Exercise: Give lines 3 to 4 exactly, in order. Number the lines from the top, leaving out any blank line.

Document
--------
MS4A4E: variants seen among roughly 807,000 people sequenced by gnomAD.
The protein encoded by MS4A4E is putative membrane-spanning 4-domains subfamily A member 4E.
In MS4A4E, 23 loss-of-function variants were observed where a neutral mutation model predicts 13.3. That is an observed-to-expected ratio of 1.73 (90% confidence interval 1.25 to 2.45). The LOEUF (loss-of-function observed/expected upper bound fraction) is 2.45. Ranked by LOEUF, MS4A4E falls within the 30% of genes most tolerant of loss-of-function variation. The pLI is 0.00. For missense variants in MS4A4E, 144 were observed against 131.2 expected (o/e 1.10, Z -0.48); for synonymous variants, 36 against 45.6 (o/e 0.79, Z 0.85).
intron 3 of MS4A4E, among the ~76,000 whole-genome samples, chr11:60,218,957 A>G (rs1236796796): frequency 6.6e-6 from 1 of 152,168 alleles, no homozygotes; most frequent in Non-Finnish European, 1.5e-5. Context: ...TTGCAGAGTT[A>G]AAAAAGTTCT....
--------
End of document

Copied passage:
In MS4A4E, 23 loss-of-function variants were observed where a neutral mutation model predicts 13.3. That is an observed-to-expected ratio of 1.73 (90% confidence interval 1.25 to 2.45). The LOEUF (loss-of-function observed/expected upper bound fraction) is 2.45. Ranked by LOEUF, MS4A4E falls within the 30% of genes most tolerant of loss-of-function variation. The pLI is 0.00. For missense variants in MS4A4E, 144 were observed against 131.2 expected (o/e 1.10, Z -0.48); for synonymous variants, 36 against 45.6 (o/e 0.79, Z 0.85).
intron 3 of MS4A4E, among the ~76,000 whole-genome samples, chr11:60,218,957 A>G (rs1236796796): frequency 6.6e-6 from 1 of 152,168 alleles, no homozygotes; most frequent in Non-Finnish European, 1.5e-5. Context: ...TTGCAGAGTT[A>G]AAAAAGTTCT....